Tax revenues may compensate for decrease in Iran’s oil revenues in long-term
Tehran, Iran, Nov. 19
By Temkin Jafarov, Milad Fashtami - Trend:
Mehrdad Emadi, an economic analyst, told Trend Agency on Nov. 19 that in the short-term, tax revenues cannot compensate for the budget deficit that Iran is expected to face due to a decrease in oil revenues.
"Iran's economic growth has become positive but still the private sector is struggling with all-out recession," he explained.
"In order to increase tax revenues, the government has to put tax on either salaries and personal incomes or the company's profits," Emadi said, adding that this may be possible in medium-term.
He went on to note that Iran is one of the top countries in the region and even the world with the highest rate of tax evasion.
"According to Iran's Majlis (parliament), some 85 percent of the companies do not pay tax to the government," he said.
"If the companies pay their actual taxes, Iran's annual tax revenues would reach $4 billion. And if individuals also pay their actual taxes, another one billion dollars would be added to the mentioned figure," Emadi noted.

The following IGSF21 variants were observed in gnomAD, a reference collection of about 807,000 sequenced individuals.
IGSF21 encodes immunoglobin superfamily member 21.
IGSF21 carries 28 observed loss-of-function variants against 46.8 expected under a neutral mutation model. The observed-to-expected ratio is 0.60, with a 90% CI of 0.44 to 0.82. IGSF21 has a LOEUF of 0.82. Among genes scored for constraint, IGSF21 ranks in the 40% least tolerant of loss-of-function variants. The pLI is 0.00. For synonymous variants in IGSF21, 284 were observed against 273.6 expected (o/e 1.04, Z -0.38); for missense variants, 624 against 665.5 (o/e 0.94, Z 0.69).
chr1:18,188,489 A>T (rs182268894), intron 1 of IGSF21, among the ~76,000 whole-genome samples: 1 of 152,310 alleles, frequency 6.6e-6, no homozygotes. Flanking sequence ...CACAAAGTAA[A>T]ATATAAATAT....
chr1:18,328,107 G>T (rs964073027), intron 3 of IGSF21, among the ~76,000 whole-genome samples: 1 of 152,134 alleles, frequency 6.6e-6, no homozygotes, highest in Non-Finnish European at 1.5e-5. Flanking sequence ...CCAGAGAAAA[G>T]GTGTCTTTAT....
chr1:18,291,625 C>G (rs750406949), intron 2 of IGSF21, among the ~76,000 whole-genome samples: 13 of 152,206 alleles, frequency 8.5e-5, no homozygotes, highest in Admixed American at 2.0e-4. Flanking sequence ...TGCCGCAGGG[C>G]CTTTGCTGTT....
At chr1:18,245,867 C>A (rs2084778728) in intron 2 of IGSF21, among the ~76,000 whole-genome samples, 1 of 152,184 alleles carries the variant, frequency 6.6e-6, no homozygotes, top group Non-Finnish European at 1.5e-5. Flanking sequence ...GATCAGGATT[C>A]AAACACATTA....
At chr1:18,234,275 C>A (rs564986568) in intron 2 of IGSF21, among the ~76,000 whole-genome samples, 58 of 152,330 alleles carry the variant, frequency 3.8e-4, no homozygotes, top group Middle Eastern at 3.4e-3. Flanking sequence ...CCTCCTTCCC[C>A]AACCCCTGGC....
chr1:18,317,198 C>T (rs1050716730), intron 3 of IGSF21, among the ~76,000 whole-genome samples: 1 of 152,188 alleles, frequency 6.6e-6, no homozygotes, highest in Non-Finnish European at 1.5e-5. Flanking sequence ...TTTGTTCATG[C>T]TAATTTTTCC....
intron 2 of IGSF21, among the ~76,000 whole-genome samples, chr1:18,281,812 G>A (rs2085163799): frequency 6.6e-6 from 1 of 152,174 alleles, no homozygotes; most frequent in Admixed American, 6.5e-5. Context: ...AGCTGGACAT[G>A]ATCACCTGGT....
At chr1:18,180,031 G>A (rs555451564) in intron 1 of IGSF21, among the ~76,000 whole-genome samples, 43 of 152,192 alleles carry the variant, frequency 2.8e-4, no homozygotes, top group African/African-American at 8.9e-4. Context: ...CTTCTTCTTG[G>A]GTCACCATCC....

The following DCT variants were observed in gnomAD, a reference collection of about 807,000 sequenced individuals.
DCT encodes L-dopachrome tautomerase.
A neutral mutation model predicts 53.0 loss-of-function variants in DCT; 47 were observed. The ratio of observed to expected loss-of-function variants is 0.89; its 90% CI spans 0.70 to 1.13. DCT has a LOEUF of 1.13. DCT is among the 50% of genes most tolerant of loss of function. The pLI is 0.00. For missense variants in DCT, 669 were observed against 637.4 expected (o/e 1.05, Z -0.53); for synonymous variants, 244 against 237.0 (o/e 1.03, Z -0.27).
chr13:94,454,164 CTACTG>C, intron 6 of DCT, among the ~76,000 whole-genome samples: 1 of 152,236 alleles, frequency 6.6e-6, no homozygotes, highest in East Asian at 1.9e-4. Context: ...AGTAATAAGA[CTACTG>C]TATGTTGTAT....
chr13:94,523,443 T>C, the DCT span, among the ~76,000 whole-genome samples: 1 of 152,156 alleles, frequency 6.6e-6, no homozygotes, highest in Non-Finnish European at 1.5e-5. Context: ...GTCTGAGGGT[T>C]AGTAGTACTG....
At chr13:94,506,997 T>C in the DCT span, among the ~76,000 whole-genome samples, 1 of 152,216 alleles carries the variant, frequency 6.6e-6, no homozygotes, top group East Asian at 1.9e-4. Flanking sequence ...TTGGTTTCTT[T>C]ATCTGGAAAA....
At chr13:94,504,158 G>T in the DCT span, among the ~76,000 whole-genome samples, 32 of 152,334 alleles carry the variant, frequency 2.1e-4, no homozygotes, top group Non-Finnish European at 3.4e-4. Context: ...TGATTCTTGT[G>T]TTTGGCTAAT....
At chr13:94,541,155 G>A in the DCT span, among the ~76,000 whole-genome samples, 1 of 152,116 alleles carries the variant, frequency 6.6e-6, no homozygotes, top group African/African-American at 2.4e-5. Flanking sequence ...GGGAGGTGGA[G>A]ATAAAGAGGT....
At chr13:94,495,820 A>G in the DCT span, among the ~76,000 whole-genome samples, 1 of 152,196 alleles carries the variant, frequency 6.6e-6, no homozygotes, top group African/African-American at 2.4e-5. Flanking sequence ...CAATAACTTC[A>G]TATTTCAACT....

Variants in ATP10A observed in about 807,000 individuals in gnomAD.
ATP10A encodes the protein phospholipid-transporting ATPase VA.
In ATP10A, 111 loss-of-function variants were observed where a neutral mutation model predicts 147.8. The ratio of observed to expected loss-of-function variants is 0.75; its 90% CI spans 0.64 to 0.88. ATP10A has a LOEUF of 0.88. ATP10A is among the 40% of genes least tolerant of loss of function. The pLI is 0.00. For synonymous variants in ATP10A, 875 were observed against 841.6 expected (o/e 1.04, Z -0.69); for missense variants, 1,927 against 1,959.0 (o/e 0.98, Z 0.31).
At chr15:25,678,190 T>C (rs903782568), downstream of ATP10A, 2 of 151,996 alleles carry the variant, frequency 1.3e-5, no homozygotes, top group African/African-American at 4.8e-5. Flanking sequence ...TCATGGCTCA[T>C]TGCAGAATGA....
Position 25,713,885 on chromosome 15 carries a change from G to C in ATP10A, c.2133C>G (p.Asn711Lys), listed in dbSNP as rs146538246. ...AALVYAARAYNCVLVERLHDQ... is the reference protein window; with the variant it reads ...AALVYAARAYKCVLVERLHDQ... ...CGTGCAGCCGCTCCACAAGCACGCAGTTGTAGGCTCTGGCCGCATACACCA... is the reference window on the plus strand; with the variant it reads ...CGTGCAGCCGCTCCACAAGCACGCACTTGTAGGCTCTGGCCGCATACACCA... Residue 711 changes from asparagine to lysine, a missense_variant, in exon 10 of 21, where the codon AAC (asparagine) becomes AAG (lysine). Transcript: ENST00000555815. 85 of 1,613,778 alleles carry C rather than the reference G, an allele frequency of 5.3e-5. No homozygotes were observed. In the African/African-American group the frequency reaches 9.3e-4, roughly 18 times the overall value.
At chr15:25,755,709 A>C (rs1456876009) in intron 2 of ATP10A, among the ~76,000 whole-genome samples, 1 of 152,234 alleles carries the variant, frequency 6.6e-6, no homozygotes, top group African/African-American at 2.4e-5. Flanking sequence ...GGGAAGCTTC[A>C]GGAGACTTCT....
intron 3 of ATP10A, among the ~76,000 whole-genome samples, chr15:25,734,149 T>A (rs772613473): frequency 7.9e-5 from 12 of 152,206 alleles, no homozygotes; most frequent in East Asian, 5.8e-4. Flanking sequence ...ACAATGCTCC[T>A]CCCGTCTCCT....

"The figure is significant in itself, but still cannot be compared to the country's oil revenues. So paying all the expenses of the government by tax revenues is not possible in the short-term or even medium-term, but it may be possible in the long-term," he analyst said.
"In order to decrease the country's dependence on oil revenues, Iran should put tax on people's wealth instead of incomes," he said, adding that Iran's tax on inheritance is much lower than the average of European countries and could be raised up to three-fold.
"By doing so Iran may be able to increase its tax revenues by several times," he added.
Iran is expected to face a budget deficit in the current Iranian calendar year (to end March 20, 2015), due to the sharp fall in oil prices.
Iran's current year budget envisages the price of $100 per barrel of oil, while each Iranian oil barrel is currently sold at around $80.
Based on Iran's budget law, the country is supposed to export 1.4 million barrels of oil (including gas condensate) per day.
Reports suggest that the country is daily earning $18-20 million less than the projected figure, so if the current trend continues the total budget deficit may soar above $2.5 billion.
Iranian President Hassan Rouhani has also predicted that Iran's total oil revenues will be 30 percent less than expected.